The present study revealed that positive proteinuria were significantly associated factor of diabetic microvascular complications. The finding is similar with the previous studies conducted in Ethiopia (21, 22). Proteinuria itself could lead to the progression of diabetic nephropathy, which is indicative of damage to the glomerular filtration barrier (39, 40). Furthermore, in this study, the risk of diabetic microvascular complications was higher in patients with a T2DM duration ≥ 5 years. The finding is in accordance with the studies conducted in Ethiopia, Nigeria, Saudi Arabia, China, and Ireland (14, 16, 17, 20, 24). Moreover, the finding that the risk of diabetic microvascular complications was higher in patients with T2DM whose total cholesterol ≥ 200 mg/dl is consistent with previous studies done in Saudi Arabia and China (14, 17). The explanation may be that dyslipidemia may cause or exacerbate diabetic microvascular complications through alterations in the coagulation-fibrinolytic system, changes in membrane permeability, damage to endothelial cells, and increased atherosclerosis. Diabetes patients with hypercholesterolemia experienced a faster decline in their glomerular filtration rate (41). Mean total cholesterol levels for diabetics with microvascular complications were significantly higher (42). Thus, appropriate measures should be undertaken with regular monitoring of total cholesterol levels.

4.1 Strength and limitation

The limitation of this study is that the findings may not be generalizable to the total population because of the institution-based nature of the study, and some variables like socioeconomic status, alcohol use, and body mass index were incomplete in the patient’s medical records. As the study was cross-sectional, the cause-and-effect relationship between the associated factors and diabetic microvascular complications was impossible to determine. The strength of this study was that longer-term data were used.

5 Conclusion

According to this study, diabetic microvascular complications were highly prevalent. Increasing age, poor glycemic control, hypertension comorbidity, anemia, positive proteinuria, longer duration of T2DM, and hypercholesterolemia were factors independently associated with diabetic microvascular complications in patients with T2DM. Therefore, microvascular complications need to be identified early, and interventional strategies should be taken to control the modifiable risk factors poor glycemic control, hypertension comorbidity, anemia, positive proteinuria, and hypercholesterolemia associated with the development of diabetic microvascular complications in patients with T2DM.

Data availability statement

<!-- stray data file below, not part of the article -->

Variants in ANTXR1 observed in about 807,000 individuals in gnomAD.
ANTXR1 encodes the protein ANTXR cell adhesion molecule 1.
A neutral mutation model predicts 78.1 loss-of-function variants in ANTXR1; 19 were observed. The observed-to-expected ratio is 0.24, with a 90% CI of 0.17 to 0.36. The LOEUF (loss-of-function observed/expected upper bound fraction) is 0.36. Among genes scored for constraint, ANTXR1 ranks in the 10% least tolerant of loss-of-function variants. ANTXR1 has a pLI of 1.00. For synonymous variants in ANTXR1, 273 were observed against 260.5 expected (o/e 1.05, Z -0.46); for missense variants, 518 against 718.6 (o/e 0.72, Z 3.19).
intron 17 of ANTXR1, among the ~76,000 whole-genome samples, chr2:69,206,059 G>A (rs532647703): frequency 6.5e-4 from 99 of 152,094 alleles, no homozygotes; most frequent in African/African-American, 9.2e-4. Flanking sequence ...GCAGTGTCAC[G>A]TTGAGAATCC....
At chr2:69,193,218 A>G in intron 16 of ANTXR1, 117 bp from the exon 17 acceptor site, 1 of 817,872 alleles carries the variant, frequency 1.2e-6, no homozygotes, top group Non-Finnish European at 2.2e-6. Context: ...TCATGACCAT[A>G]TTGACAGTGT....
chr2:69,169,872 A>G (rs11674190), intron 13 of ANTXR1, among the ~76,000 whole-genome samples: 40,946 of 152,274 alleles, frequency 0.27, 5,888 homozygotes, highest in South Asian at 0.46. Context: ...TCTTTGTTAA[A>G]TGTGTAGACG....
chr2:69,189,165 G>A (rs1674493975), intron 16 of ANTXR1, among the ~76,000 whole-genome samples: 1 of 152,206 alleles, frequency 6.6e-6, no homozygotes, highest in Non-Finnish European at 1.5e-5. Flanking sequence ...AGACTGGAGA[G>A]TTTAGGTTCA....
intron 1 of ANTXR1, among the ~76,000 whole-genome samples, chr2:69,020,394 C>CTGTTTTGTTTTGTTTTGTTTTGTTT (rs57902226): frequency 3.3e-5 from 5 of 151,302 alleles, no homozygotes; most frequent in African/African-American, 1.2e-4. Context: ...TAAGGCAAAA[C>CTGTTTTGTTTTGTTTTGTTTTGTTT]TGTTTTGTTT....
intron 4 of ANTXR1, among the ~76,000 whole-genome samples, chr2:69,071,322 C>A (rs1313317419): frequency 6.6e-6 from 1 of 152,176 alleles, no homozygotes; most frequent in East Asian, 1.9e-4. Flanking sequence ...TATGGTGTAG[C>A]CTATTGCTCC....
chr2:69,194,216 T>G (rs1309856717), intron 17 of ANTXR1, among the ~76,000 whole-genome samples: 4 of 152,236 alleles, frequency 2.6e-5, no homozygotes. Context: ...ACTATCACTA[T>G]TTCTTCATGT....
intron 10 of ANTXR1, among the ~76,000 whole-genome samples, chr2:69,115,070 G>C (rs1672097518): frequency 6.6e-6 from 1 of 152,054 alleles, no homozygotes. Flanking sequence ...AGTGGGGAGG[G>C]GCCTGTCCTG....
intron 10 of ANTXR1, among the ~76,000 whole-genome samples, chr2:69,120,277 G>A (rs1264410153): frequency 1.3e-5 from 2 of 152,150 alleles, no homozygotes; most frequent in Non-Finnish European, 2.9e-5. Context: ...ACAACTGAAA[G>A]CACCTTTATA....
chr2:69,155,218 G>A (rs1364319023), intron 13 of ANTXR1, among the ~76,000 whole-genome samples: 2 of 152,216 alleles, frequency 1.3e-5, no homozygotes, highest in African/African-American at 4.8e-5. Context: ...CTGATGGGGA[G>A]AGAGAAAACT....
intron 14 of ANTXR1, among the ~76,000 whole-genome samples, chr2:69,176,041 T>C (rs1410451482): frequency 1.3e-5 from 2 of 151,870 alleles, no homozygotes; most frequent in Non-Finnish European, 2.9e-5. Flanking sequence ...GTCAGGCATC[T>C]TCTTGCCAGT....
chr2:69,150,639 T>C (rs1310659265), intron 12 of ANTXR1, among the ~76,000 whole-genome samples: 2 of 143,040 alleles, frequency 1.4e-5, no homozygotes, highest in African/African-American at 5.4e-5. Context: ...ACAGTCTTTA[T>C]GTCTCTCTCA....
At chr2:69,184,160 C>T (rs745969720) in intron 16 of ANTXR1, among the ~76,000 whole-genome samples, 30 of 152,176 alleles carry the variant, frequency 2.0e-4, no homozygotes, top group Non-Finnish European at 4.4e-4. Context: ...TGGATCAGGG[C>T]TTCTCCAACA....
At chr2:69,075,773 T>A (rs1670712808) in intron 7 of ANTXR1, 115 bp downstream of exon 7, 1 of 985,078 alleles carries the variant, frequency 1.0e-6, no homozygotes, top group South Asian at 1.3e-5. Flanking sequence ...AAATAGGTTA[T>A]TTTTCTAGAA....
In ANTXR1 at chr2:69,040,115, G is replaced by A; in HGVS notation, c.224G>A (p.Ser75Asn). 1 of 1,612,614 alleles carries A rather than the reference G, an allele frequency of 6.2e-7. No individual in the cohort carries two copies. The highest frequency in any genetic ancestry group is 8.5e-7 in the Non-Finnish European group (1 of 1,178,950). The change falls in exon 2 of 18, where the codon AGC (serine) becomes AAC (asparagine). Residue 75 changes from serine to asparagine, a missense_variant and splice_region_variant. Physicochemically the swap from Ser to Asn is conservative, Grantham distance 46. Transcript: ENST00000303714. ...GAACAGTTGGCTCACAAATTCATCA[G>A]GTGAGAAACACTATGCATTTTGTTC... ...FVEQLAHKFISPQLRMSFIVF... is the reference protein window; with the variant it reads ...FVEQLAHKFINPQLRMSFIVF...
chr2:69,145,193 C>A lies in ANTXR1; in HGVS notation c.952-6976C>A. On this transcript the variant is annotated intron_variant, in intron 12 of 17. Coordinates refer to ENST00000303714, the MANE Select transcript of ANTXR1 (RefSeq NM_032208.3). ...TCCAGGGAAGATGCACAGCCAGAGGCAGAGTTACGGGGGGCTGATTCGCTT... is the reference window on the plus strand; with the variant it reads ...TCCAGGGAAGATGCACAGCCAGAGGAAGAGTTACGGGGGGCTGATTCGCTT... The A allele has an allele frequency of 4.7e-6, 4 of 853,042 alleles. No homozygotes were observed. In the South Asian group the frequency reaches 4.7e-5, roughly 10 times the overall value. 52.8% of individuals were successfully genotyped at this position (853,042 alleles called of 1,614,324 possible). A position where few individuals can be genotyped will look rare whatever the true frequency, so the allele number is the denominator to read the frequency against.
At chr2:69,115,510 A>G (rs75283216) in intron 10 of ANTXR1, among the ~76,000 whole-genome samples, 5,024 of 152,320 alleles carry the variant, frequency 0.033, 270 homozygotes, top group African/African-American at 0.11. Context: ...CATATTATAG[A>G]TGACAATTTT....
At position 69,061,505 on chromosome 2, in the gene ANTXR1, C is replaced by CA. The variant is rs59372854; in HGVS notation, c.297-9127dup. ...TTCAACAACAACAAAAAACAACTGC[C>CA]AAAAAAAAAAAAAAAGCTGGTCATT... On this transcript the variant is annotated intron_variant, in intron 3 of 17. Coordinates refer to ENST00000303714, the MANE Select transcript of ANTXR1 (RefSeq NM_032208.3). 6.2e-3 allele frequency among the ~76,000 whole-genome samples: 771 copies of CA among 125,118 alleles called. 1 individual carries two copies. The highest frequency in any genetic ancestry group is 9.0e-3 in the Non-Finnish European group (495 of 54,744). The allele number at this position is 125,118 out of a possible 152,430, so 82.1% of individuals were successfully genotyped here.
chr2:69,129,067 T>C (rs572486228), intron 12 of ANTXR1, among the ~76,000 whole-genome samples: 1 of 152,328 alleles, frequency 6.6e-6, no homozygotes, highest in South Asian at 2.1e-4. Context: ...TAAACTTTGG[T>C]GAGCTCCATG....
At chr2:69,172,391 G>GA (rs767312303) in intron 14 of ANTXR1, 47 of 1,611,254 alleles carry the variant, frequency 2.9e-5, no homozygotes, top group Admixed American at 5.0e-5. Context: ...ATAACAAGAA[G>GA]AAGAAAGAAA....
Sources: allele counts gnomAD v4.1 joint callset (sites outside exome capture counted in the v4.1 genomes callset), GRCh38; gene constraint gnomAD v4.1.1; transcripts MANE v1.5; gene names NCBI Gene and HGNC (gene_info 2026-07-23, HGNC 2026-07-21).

The original contributions presented in the study are included in the article/Supplementary Material. Further inquiries can be directed to the corresponding author.

Ethics statement

The studies involving humans were approved by Institutional Review Board of Arab Minch University, College of Medicine and Health Sciences. The studies were conducted in accordance with the local legislation and institutional requirements. Written informed consent for participation was not required from the participants or the participants’ legal guardians/next of kin in accordance with the national legislation and institutional requirements.

Author contributions

FM: Conceptualization, Data curation, Formal analysis, Funding acquisition, Investigation, Methodology, Resources, Software, Visualization, Writing – original draft, Writing – review & editing. FG: Methodology, Supervision, Validation, Writing – review & editing. HE: Methodology, Supervision, Validation, Writing – review & editing. TG: Formal analysis, Methodology, Writing – review & editing.

Funding

The author(s) declare that no financial support was received for the research, authorship, and/or publication of this article.

Acknowledgments

We would like acknowledge all medical referral staffs for their support during data collection.

Conflict of interest

The authors declare that the research was conducted in the absence of any commercial or financial relationships that could be construed as a potential conflict of interest.

Publisher’s note

All claims expressed in this article are solely those of the authors and do not necessarily represent those of their affiliated organizations, or those of the publisher, the editors and the reviewers. Any product that may be evaluated in this article, or claim that may be made by its manufacturer, is not guaranteed or endorsed by the publisher.

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Keywords: microvascular complications, prevalence, associated factors, T2DM, southern Ethiopia

Citation: Merid F, Getahun F, Esubalew H and Gezahegn T (2024) Diabetic microvascular complications and associated factors in patients with type 2 diabetes in Southern Ethiopia. Front. Endocrinol. 15:1342680. doi: 10.3389/fendo.2024.1342680

Received: 22 November 2023; Accepted: 20 June 2024;
Published: 04 July 2024.

Edited by:

Lu Cai, University of Louisville, United States

Reviewed by:

Shiferaw Letta, Haramaya University, Ethiopia
Sueziani Binte Zainudin, Sengkang General Hospital, Singapore

Copyright © 2024 Merid, Getahun, Esubalew and Gezahegn. This is an open-access article distributed under the terms of the Creative Commons Attribution License (CC BY). The use, distribution or reproduction in other forums is permitted, provided the original author(s) and the copyright owner(s) are credited and that the original publication in this journal is cited, in accordance with accepted academic practice. No use, distribution or reproduction is permitted which does not comply with these terms.

*Correspondence: Fasika Merid, meridf2005@gmail.com

Disclaimer: All claims expressed in this article are solely those of the authors and do not necessarily represent those of their affiliated organizations, or those of the publisher, the editors and the reviewers. Any product that may be evaluated in this article or claim that may be made by its manufacturer is not guaranteed or endorsed by the publisher.